With number of adults living with diabetes witnessing a sharp rise in recent years, it is crucial to be aware and understand the symptoms of hypoglycaemia or low blood sugar which can be triggered owing to high dosage of insulin, exercising vigorously without decreasing the dose of insulin or drinking excessive alcohol, according to an expert.
Low blood sugar can happen to diabetic patients, if they take high dosage of insulin, do not eat sufficiently well, exercise vigorously without decreasing their dose of insulin or drink excessive alcohol. It is important to be aware and understand the symptoms of hypoglycaemia and its preventive measures especially if you are a diabetic, says Dr Rajeshwari Janakiraman, Consultant Endocrinologist, Columbia Asia Referral Hospital, Yeshwanthpur.
He cites a recent incident, wherein a 70-year-old diabetes patient suffering with diabetes was found unresponsive at home. His family immediately called the emergency department at Columbia Asia Referral Hospital, Yeshwanthpur. But when the emergency team reached his house and checked his sugar level, they realised he had hypoglycaemia (low blood sugar).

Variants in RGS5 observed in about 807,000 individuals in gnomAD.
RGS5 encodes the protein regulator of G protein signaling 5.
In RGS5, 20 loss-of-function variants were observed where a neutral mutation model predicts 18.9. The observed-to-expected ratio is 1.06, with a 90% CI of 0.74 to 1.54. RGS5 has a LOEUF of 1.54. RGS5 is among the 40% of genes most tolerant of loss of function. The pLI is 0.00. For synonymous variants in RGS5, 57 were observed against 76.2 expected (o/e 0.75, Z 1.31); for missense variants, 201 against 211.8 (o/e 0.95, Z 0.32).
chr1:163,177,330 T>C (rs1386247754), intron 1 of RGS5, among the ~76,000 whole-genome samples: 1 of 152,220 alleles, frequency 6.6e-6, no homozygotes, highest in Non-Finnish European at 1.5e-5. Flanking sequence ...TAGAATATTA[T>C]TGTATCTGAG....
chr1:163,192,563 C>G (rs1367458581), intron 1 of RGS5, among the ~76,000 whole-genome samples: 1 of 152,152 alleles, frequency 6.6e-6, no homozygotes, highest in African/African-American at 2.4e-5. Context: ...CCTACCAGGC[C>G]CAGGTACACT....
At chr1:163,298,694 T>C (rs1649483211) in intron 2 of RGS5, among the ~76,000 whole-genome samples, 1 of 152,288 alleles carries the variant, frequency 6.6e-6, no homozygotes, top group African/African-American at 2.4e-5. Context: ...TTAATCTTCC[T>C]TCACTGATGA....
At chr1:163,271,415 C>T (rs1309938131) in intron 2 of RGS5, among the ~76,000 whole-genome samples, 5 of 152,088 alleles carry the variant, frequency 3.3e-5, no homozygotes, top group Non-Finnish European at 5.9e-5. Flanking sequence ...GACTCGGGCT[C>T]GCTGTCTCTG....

Following consultation with a consultant emergency medicine at Columbia Asia, the patient was given 25 per cent of dextrose injection (100 ml) and his condition improved immediately. After further monitoring, the nursing team realised that Ravi was fine and did not need to be shifted to the hospital.
The main symptoms to look out for when you are at an early stage of hypoglycaemia (low blood sugar) are sweating, trembling of hands or the body, feeling hungry or feeling anxious, according to Dr Janakiraman.
However, if this is untreated the patient the symptoms start getting severe which includes difficulty in walking, weakness, difficulty in seeing things clearly, state of confusion and unconsciousness or seizures.
The best way to treat low blood sugar is to constantly monitor your blood sugar levels using a glucometer. Also, if you are a diabetic always carry glucose tablets like glucagon, hard candies or glucose powder. If the patient is still conscious, giving sweets orally can help bring the blood sugar levels up. However, if the patient is unconscious, you should not use oral methods as they can be dangerous. Instead its important that a friend or family members are trained to recognise severe low blood sugar levels and can help you with a glucagon injection in severe cases, the doctor added.